Suprarenal fixation has many potential defects. Most of the clinical studies were limited due to short-to-medium follow-up periods. Longer follow-up with a larger number of patients is needed to confirm the safety of this technique.
Dieter Raithel, MD, PhD, is from the Department of Vascular and Endovascular Surgery at the Nuernberg Hospital, Nuernberg, Germany. He has disclosed that he is an unpaid consultant to Boston Scientific Corporation, Cordis, Edwards Lifesciences, Guidant, and Medtronic. Dr. Raithel may be reached at email@example.com.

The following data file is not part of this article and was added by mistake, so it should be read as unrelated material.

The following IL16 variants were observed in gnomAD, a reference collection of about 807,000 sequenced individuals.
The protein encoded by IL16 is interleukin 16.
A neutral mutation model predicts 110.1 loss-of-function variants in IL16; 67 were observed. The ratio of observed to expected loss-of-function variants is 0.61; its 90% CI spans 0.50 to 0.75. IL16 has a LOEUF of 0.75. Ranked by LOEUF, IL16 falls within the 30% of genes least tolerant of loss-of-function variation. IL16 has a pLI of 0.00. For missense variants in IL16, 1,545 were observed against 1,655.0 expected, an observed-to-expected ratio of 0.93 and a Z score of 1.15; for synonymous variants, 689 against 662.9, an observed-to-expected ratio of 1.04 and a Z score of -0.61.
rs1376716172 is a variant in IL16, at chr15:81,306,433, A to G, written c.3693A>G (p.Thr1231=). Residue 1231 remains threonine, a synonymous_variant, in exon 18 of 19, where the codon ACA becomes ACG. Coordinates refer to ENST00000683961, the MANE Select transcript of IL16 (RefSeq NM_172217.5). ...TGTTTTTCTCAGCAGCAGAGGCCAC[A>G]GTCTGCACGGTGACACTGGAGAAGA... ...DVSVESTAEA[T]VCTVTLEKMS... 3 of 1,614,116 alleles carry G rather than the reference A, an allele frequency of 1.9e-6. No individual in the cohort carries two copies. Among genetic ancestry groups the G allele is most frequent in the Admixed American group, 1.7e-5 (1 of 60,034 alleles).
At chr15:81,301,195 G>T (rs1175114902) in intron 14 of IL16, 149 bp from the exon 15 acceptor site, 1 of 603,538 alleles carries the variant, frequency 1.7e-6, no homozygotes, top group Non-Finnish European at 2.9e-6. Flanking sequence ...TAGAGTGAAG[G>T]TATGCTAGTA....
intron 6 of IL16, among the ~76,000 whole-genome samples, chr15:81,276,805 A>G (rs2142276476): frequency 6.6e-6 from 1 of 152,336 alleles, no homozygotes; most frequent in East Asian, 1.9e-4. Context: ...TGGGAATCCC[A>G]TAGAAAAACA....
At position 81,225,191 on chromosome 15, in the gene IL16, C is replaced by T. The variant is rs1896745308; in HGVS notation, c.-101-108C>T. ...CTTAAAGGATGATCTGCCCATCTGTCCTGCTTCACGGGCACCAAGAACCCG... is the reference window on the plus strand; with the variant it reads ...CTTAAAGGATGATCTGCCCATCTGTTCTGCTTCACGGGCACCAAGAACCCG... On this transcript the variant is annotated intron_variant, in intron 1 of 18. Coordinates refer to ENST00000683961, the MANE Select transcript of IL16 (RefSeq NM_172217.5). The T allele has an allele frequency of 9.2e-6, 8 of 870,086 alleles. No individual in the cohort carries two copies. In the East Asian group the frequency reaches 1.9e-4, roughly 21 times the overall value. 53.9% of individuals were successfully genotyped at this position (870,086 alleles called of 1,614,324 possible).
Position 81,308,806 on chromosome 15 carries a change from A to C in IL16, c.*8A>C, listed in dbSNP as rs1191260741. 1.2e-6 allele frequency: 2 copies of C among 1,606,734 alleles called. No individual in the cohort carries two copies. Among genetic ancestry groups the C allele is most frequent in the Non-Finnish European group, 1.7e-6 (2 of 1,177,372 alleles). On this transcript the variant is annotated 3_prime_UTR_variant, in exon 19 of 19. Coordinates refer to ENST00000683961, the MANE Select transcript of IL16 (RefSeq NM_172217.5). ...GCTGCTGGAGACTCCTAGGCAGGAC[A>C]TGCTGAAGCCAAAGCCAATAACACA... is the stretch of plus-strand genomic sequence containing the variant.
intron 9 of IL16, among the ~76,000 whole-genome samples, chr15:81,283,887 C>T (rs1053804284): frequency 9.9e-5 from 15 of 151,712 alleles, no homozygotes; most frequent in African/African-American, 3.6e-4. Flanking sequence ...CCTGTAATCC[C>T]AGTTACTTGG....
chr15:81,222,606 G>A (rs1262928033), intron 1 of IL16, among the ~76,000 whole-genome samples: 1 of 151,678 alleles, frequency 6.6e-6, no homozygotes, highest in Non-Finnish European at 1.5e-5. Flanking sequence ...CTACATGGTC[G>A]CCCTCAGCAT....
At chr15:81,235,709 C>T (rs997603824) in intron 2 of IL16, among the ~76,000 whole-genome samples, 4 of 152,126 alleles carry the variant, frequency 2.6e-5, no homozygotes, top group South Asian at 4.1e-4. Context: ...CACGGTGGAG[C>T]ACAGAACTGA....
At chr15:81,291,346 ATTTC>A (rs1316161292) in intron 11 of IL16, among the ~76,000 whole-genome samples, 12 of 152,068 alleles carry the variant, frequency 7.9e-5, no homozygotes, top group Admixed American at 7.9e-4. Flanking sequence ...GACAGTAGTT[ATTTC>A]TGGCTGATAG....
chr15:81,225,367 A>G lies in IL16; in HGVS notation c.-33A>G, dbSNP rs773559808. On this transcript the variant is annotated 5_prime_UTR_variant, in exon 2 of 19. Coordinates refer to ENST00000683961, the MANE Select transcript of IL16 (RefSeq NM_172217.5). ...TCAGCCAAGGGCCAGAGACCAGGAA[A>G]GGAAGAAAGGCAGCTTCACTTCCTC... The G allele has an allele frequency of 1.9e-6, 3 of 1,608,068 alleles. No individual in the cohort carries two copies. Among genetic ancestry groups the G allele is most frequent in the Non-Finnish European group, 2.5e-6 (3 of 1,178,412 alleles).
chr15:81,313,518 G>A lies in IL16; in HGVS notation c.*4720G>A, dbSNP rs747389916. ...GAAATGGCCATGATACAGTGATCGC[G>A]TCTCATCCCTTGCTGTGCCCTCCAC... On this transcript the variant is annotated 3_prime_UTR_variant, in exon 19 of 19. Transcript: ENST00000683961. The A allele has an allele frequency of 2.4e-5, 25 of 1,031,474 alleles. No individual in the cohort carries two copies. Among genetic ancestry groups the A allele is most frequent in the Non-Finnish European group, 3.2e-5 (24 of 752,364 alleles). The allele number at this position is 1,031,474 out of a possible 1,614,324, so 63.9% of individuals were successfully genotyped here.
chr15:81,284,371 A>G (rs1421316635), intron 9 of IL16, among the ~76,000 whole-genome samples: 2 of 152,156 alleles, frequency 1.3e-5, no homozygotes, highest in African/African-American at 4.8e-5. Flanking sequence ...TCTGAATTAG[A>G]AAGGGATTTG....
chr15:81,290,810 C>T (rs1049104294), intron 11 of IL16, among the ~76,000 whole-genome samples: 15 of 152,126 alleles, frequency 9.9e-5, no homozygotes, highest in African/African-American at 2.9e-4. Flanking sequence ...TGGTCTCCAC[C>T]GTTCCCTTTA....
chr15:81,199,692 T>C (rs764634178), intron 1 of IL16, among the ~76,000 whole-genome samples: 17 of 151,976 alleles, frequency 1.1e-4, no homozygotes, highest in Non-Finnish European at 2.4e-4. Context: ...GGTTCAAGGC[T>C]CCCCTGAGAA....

Lefeng Qu, MD, PhD, is from the Department of Vascular Surgery, Changhai Hospital, Second Military Medical University, Shanghai, People’s Republic of China. He now works in the Department of Vascular and Endovascular Surgery at the Nuernberg Hospital, Nuernberg, Germany. He has not disclosed a financial interest in any product or manufacturer mentioned herein. Dr. Qu may be reached at firstname.lastname@example.org.
Gudrun Hetzel, MD, PhD, is from the Department of Vascular and Endovascular Surgery at the Nuernberg Hospital, Nuernberg, Germany. Dr. Hetzel has not disclosed a financial interest in any product or manufacturer mentioned herein.